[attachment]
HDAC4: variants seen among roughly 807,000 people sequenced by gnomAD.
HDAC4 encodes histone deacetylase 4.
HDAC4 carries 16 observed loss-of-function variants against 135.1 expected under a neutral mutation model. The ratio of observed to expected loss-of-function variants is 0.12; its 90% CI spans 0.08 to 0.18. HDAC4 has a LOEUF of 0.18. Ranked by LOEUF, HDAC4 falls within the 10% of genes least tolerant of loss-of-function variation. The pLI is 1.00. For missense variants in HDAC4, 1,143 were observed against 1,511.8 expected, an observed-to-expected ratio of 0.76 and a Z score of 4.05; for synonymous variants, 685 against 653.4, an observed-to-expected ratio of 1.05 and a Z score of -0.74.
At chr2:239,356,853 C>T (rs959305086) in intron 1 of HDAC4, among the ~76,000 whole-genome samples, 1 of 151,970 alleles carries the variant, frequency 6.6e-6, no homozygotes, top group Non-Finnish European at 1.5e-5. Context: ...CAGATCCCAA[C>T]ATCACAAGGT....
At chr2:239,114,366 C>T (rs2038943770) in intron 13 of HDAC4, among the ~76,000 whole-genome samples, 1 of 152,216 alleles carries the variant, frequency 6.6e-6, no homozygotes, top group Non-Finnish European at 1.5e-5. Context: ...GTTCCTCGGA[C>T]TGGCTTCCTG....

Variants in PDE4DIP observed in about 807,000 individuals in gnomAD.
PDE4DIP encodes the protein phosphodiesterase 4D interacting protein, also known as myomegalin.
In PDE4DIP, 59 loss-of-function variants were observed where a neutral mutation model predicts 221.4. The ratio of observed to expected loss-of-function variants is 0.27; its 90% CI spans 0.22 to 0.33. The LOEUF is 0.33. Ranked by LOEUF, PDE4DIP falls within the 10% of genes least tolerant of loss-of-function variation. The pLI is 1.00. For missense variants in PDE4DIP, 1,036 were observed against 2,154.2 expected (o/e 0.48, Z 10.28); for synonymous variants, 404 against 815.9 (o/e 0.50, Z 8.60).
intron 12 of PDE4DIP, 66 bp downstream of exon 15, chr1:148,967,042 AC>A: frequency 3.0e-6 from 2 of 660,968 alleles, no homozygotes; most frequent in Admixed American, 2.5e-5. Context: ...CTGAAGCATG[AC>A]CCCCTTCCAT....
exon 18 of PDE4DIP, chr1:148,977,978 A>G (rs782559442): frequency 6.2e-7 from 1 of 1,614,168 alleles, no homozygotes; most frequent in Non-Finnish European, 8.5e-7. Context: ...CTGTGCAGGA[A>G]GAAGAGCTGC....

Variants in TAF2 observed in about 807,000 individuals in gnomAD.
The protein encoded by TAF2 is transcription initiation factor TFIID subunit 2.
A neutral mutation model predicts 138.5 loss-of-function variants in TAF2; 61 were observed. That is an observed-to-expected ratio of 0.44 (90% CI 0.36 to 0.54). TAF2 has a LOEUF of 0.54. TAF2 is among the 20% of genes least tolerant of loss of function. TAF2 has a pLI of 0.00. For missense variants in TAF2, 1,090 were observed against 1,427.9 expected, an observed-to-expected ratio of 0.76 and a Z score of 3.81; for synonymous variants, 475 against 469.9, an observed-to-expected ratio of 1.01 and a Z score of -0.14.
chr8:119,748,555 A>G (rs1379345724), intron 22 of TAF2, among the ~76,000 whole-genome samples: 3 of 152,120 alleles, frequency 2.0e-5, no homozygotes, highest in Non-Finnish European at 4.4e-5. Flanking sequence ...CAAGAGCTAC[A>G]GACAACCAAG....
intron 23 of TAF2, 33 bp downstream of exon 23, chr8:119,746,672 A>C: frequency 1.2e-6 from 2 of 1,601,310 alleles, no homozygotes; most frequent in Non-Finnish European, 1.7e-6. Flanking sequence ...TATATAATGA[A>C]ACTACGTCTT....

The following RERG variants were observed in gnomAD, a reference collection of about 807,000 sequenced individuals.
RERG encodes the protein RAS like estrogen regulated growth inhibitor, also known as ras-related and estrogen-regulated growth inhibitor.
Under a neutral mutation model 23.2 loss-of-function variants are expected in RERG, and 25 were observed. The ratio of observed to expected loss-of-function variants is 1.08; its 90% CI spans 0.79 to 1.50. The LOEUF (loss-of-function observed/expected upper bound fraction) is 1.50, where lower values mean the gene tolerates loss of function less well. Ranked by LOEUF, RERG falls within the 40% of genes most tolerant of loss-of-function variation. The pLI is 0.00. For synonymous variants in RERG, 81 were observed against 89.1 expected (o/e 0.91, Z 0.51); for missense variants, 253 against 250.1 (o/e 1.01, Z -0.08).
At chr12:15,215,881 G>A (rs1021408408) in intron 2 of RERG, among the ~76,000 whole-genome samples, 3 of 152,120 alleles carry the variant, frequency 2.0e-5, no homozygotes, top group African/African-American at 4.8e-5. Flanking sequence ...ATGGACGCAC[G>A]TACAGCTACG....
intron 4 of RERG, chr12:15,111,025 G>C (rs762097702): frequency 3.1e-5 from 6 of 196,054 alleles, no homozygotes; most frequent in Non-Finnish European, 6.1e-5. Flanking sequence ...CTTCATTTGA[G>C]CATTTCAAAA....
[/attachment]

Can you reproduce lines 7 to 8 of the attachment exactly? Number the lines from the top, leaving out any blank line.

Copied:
PDE4DIP encodes the protein phosphodiesterase 4D interacting protein, also known as myomegalin.
In PDE4DIP, 59 loss-of-function variants were observed where a neutral mutation model predicts 221.4. The ratio of observed to expected loss-of-function variants is 0.27; its 90% CI spans 0.22 to 0.33. The LOEUF is 0.33. Ranked by LOEUF, PDE4DIP falls within the 10% of genes least tolerant of loss-of-function variation. The pLI is 1.00. For missense variants in PDE4DIP, 1,036 were observed against 2,154.2 expected (o/e 0.48, Z 10.28); for synonymous variants, 404 against 815.9 (o/e 0.50, Z 8.60).